Water pressure questions

  • #1

Main Question or Discussion Point

hi, I'm doing a small research project on underwater habitats. Nothing serious just in my spare time, and simply wondered if the formula P = depth * 0.1 is accurate enough to determine the water pressure at different levels or if it's to crude to be used at all. if i may have missed some points or posted in the wrong section please let me know. Thanks in advance.
 

Answers and Replies

  • #2
2,685
20
I can honestly say I've never heard of that formula. I can't even see how it works.

Pressure is force per unit area (or in some cases given as mass per unit area). Your equation ignores the mass of fluid and the area over which it is applied.

All your equation does is reduce the depth by an order of magnitude.

If anyone else knows how your equation works (or yourself) please do explain, otherwise I'd have to say it's useless.

1kg of water applied to 1m2 isn't the same as 10kg of water applied to 1m2. Your equation would make them out to be the same (according to your equation you would get a pressure of 1 for both).
 
  • #3
afaik, at zero depth (shoreline) the pressure is 1 atmosphere and at the depth of ten meters the pressure have doubled roughly to 2 so with this formula i've calculated that the pressure at 5 meters the pressure would be roughly 1,5 and at 53 meters the pressure would be 6,3. if i need another formula don't hesitate to correct me. i even missed +1 at the end of it.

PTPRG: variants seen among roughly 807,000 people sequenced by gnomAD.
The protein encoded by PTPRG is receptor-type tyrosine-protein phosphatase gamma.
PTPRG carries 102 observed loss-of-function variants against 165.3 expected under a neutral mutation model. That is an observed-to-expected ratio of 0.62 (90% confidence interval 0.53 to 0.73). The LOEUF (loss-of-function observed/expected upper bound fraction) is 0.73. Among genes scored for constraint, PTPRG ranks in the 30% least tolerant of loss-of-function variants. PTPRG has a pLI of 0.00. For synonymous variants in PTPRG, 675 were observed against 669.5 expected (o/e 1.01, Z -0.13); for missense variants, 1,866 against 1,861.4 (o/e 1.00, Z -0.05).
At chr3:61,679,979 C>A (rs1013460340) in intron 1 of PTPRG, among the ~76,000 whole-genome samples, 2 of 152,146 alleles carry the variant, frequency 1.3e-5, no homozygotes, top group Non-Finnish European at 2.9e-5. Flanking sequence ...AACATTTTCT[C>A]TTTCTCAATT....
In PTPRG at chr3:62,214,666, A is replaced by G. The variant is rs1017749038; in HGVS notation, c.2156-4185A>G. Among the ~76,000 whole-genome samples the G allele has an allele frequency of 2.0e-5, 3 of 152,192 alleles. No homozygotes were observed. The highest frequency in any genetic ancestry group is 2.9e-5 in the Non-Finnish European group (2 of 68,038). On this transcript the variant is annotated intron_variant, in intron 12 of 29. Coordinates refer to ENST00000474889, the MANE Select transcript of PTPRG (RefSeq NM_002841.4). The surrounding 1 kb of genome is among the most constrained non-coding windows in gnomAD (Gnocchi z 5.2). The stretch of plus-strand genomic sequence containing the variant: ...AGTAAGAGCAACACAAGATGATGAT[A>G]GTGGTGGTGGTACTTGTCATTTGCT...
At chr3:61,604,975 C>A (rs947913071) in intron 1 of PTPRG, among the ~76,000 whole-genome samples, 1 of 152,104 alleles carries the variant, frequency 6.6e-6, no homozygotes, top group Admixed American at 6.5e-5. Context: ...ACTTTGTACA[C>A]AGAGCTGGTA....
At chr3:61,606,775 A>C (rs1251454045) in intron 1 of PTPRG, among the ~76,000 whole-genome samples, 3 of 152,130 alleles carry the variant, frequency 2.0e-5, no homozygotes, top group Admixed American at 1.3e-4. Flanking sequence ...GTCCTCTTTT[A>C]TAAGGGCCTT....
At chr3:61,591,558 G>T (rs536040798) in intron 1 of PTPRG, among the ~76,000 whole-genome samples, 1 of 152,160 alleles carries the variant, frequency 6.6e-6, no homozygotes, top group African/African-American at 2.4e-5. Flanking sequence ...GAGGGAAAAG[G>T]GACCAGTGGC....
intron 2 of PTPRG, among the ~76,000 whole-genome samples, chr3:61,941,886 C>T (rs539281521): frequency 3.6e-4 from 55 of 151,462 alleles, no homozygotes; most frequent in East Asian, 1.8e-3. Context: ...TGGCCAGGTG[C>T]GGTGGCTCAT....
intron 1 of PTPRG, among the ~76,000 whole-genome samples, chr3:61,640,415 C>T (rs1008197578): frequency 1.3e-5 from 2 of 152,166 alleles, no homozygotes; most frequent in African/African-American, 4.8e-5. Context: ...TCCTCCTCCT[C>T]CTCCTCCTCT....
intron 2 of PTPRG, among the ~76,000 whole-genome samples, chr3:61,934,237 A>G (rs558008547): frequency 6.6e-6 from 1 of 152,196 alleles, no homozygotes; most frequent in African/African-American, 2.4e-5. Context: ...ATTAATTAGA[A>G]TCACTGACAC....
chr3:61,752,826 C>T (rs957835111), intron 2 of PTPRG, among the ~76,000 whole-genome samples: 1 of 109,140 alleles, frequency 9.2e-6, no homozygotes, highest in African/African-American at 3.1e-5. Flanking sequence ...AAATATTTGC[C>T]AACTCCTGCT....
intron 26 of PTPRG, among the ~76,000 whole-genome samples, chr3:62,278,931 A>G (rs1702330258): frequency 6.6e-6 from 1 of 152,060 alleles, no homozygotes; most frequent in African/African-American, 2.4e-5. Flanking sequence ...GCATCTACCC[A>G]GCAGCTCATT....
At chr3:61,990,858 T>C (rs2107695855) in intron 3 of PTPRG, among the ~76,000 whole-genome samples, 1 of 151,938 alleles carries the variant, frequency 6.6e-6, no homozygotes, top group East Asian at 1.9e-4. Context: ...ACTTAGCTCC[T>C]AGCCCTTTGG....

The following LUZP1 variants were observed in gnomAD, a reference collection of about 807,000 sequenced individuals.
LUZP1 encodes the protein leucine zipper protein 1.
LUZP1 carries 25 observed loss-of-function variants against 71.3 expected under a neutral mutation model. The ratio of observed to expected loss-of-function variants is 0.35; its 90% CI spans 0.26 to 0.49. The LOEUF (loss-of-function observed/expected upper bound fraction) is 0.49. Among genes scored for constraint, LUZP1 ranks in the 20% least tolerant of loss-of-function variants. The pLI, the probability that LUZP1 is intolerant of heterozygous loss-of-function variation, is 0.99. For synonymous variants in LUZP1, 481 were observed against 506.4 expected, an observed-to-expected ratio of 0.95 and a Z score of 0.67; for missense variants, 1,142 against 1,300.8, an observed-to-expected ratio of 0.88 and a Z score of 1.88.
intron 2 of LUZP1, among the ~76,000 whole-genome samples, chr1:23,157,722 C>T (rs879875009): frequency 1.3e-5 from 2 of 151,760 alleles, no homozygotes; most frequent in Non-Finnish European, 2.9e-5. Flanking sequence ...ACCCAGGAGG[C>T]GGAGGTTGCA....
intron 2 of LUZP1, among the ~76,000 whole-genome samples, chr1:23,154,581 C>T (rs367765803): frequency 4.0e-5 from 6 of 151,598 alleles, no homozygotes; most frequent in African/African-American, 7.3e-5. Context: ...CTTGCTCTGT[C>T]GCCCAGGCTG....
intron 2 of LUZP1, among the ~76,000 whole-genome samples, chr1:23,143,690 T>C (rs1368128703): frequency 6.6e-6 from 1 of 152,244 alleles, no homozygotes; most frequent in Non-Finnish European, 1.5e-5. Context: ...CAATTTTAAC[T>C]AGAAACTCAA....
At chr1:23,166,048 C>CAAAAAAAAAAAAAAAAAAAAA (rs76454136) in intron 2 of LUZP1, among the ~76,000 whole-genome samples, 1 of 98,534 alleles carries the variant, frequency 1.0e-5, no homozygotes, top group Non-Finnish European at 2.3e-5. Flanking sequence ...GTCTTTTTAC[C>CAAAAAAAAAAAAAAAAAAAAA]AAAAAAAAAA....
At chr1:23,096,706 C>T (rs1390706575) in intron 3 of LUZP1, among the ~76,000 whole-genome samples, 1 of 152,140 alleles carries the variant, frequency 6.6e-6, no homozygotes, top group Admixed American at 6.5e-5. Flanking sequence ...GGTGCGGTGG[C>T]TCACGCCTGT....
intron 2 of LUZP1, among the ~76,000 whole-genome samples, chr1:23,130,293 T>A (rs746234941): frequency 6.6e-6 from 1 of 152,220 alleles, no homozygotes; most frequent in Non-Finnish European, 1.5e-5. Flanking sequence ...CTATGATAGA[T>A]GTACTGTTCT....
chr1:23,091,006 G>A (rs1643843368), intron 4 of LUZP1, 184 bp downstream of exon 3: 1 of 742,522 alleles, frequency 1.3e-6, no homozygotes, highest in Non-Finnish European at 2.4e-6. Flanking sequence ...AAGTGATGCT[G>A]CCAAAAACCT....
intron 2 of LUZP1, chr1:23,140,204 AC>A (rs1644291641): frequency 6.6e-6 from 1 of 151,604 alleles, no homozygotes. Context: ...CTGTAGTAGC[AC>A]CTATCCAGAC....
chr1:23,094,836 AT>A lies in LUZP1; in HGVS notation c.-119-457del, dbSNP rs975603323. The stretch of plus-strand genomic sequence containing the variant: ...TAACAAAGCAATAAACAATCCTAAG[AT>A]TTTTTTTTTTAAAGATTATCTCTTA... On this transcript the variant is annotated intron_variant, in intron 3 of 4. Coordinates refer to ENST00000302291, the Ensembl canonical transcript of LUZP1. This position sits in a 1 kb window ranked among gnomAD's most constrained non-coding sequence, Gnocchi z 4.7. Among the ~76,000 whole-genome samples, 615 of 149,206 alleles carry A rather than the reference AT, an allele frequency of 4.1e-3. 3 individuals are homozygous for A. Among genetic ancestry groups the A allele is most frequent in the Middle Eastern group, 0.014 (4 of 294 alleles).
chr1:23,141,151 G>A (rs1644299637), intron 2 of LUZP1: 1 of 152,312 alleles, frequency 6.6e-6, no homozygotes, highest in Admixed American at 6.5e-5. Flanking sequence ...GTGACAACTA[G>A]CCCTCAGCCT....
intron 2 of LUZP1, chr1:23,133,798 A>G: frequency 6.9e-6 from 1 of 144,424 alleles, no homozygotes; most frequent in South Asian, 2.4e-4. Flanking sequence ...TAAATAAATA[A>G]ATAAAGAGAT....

P=depth*0,1+1
now i get it to work
 
Last edited:
  • #4
i now noticed that the formula is very crude and not working properly. i think this thread clearly shows my lack of education in the matter. but i still need a working formula. any thoughts?
 
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  • #5
4
0
You can use the following formula to get pressure at certain depth:

(hmm for some reason I can't get tex working)

p = p0 + rho * g * h

where p0 = initial pressure, in this case 1 bar
rho = density of water = 1000 kg/m3
g = gravity acceleration = 9.81 m/s^2
h = depth which you want the pressure at.
So we plug those in and get
p = 1bar + 9810Pa * h and then we convert 9810Pa into bars
p = 1 bar + 0,0981*h
As you can see the approximation varies depending on which values you use for the g and rho.
 
  • #6
ok, thanks. now i have a better understanding on matter :)
 

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